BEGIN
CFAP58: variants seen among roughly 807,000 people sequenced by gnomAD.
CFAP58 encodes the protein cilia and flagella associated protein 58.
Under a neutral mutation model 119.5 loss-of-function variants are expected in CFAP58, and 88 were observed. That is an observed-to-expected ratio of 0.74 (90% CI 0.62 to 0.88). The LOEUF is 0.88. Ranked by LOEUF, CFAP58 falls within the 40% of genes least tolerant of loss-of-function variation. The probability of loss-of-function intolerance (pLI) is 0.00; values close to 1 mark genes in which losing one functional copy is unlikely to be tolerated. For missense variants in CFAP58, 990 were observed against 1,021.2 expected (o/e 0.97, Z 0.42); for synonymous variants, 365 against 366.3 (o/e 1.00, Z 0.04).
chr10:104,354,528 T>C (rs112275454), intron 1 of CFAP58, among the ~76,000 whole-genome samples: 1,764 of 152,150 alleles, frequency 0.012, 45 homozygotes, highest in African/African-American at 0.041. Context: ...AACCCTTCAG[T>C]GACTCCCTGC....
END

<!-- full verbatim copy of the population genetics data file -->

CFAP58: variants seen among roughly 807,000 people sequenced by gnomAD.
CFAP58 encodes the protein cilia and flagella associated protein 58.
Under a neutral mutation model 119.5 loss-of-function variants are expected in CFAP58, and 88 were observed. That is an observed-to-expected ratio of 0.74 (90% CI 0.62 to 0.88). The LOEUF is 0.88. Ranked by LOEUF, CFAP58 falls within the 40% of genes least tolerant of loss-of-function variation. The probability of loss-of-function intolerance (pLI) is 0.00; values close to 1 mark genes in which losing one functional copy is unlikely to be tolerated. For missense variants in CFAP58, 990 were observed against 1,021.2 expected (o/e 0.97, Z 0.42); for synonymous variants, 365 against 366.3 (o/e 1.00, Z 0.04).
chr10:104,354,528 T>C (rs112275454), intron 1 of CFAP58, among the ~76,000 whole-genome samples: 1,764 of 152,150 alleles, frequency 0.012, 45 homozygotes, highest in African/African-American at 0.041. Context: ...AACCCTTCAG[T>C]GACTCCCTGC....